PhD - Leuven | About a week ago
The dry and anisotropic patterning of metals is a bottleneck for multiple aspects of advanced CMOS nanotechnology: spintronics, memory, nano-interconnects and EUV lithography. The main purpose of dry etching is to create volatile compounds at reasonably low temperature (below ~200 ˚C). For some particular metals, the use of plasmas containing traditional halogen such as Chlorine (Cl2, BCl3) or Fluorine (CF4, SF6, NF3) does not allow to form reaction products below 350 ˚C, rendering their etching too complex and expensive. Up till now, the most successful etch attempt is based on noble gas ion beam technology, where high energetic non-reactive atoms (Ar, Xe) are used to bombard the target surface, removing its atoms by sputtering (they are ejected mechanically). Ion beam is non-selective (etches almost everything), not compatible with dense structures, lead to severe residues deposits and damage to the remaining layers. A paradigm change is therefore required: i.e. exploring innovative methods and chemistries.
The proposed PhD work will explore new approaches for etching metallic elements and compounds using chelation chemistry. The proposed research will address three important questions: what is the best surface preparation method? What are the best chelating reactants and reactions conditions? And, finally, what is the optimal patterning scheme allowing to create technology-relevant nanostructures using the proposed new etch processes? The target materials will be at start pure elements such as Ni, Co, Fe then will be extended to alloys such as CoFeB, Ni3Al (more exotic elements or alloys will be considered). The principle of atomic layer etching will be used, where the process is cyclic with time-separated steps. As possible sequence is as follows: first, pre-treatment of the surface to enhance its chemical reactivity; in a second stage the activated surface is exposed to reactive chelating species in the vapor phase, leading to energetically favorable formation of volatile (metal-organic) products. The key requirement for each step is its self-limiting nature and/or the ability to control it at the sub-nanometer level, i.e. atomic layer resolution. Self-limiting surface pre-treatment might rely on directional reactive beams (for oxidation or oxidative halogenation), with low energy and high collimation. Anisotropy will be enhanced by selective sidewall passivation (area-selective deposition).
More practically, the PhD work will be separated into four different activities: 1) in collaboration with the team of Dennis Van Dorp, pre-screening of best metal-oxidant/organic combination through wet dip into organic solutions; 2) after establishing a starting database, in collaboration with the team of Geoffrey Pourtois, the reaction paths will be theoretically modelled by ab-initio calculation coupled to thermodynamic generator over technologically relevant T and P ranges; 3) transfer of acquired knowledge to a vapor etching system enabling in-situ surface treatment and organic vapor exposure; 4) development of sidewall passivation techniques so as to enable anisotropic pattern transfer. The work will be applied to device manufacturing and involve the learning of the full nanofabrication flow of the target application(s), as well as electrical/magnetic/optical measurements of device characteristics. The work will be performed in close collaboration with device and material scientists from IMEC, as well as material and tool suppliers.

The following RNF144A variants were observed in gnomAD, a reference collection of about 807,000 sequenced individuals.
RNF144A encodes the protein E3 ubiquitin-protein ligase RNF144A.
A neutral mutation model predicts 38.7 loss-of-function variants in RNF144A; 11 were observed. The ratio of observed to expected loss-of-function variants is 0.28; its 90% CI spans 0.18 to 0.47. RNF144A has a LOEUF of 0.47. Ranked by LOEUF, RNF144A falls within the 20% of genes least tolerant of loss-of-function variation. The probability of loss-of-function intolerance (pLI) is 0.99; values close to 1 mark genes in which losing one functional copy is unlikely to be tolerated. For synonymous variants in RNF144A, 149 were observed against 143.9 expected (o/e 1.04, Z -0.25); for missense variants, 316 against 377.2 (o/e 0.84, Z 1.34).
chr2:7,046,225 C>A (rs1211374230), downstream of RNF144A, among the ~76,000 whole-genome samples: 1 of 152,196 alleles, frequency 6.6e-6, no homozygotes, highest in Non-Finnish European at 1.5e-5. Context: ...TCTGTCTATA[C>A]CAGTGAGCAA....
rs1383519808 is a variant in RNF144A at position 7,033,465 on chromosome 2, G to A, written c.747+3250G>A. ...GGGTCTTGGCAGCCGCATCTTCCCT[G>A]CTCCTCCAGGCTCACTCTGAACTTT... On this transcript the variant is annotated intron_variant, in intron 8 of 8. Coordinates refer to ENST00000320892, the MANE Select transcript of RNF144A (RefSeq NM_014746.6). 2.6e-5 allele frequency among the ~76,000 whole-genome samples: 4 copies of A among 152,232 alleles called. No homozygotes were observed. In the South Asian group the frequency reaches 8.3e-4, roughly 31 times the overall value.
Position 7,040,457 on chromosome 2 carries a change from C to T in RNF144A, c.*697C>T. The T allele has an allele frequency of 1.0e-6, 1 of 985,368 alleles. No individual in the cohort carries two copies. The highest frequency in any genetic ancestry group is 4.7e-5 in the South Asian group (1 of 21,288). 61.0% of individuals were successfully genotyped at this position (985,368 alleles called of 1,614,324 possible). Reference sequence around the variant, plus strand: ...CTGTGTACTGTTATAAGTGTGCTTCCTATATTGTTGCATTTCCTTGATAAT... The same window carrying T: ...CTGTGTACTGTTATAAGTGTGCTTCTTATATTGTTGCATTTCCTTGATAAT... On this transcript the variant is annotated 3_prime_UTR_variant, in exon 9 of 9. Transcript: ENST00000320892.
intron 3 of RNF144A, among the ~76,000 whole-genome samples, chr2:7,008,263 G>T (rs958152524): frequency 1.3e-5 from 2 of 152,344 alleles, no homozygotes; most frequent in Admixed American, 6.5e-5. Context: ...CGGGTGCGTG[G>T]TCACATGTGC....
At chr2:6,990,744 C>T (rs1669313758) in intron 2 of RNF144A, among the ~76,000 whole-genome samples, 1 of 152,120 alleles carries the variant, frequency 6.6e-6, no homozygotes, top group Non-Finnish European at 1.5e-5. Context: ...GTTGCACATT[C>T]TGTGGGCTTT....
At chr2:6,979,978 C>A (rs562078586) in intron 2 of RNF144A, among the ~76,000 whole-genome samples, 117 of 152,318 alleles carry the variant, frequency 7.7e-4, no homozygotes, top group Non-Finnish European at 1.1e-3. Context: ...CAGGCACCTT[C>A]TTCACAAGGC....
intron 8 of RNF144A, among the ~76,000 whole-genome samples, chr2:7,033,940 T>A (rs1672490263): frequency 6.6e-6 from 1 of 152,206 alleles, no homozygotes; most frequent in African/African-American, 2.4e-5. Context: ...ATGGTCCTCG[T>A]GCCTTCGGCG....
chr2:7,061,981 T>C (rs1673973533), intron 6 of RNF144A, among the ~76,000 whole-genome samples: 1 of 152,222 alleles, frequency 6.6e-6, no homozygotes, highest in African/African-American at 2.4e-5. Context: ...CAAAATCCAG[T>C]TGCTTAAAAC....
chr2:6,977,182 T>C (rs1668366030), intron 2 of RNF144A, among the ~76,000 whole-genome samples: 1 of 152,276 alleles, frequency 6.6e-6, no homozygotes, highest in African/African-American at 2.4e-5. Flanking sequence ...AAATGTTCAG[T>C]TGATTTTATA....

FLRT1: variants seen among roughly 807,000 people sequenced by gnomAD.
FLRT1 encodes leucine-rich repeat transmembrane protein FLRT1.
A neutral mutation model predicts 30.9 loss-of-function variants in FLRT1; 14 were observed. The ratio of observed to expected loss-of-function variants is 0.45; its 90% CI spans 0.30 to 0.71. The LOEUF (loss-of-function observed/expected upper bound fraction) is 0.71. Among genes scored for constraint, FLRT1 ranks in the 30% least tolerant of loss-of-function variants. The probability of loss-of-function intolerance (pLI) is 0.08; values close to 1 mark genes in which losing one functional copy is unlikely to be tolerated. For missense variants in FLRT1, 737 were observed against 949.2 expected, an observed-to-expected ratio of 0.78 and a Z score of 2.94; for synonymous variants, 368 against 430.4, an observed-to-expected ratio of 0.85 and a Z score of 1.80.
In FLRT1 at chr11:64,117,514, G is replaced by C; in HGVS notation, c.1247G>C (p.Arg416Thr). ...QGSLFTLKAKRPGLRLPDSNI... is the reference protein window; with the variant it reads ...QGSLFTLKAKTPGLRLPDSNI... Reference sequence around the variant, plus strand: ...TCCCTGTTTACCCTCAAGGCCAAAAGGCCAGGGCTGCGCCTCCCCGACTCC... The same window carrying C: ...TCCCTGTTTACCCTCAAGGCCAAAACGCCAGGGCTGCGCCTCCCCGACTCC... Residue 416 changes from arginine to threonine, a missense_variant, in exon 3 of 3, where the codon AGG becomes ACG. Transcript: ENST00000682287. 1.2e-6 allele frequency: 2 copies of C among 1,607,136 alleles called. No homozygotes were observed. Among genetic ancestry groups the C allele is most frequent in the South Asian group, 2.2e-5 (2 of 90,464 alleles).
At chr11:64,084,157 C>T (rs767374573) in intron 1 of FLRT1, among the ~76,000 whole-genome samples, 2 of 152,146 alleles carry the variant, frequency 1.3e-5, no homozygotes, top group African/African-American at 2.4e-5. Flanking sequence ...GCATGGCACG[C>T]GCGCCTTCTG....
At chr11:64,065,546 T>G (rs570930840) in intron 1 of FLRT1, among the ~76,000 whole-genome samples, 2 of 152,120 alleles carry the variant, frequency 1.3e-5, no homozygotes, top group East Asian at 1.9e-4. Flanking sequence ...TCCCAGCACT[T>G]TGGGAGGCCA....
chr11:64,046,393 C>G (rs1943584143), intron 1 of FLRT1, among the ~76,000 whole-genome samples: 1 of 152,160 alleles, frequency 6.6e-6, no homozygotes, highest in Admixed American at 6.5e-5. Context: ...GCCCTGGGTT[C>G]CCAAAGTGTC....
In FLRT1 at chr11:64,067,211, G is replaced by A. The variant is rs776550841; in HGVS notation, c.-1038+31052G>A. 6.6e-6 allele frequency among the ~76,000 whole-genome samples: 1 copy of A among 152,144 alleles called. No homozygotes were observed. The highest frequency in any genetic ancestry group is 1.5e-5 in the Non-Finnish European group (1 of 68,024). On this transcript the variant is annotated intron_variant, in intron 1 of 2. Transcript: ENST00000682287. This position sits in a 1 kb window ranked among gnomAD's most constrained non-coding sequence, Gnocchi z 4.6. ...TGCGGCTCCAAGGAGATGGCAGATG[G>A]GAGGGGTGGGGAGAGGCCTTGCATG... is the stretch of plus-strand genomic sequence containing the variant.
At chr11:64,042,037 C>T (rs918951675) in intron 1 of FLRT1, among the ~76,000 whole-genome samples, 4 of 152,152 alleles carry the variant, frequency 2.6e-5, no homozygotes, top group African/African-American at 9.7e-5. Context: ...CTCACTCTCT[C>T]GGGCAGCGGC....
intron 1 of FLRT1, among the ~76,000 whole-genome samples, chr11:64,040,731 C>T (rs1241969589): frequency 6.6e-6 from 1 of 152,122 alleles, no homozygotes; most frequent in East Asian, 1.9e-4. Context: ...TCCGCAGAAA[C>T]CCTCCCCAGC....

As a PhD student, you will learn to work in a highly dynamic and multicultural environment and be exposed to a large variety of analytical techniques and experimental methods. Gas-phase etching will be performed in a 300mm industrial-scale reactor; surface preparation will be performed using reactive gas exposure, plasma and ion beams approaches, all in industry-relevant 300mm systems. Surface physics will be studied by means of X-ray reflectivity, AFM and scanning electron microscopy. Surface chemistry will be studied both ex situ and post operando by x-ray photoelectron spectroscopy (XPS), but also by Secondary Ion Mass Spectroscopy (SIMS). Other complementary techniques like elastic recoil detection analysis, electrical characterization, transmission electron microscopy are available to complement your studies.
The PhD candidate must have excellent hands-on skills, have basic knowledge in organo-metallic chemistry. The PhD candidate must be open to travelling abroad to perform some experimental work.
Required background: master in chemistry or materials science, nanotechnology, physics
Type of work: 5% literature and technology study, 65% experimental work, 20% modelling, 10% article writing
Supervisor: Stefan De Gendt
Co-supervisor: Michael Kraft
Daily advisor: Jean-Francois de Marneffe, Dennis van Dorp, Geoffrey Pourtois
The reference code for this position is 2021-069. Mention this reference code on your application form.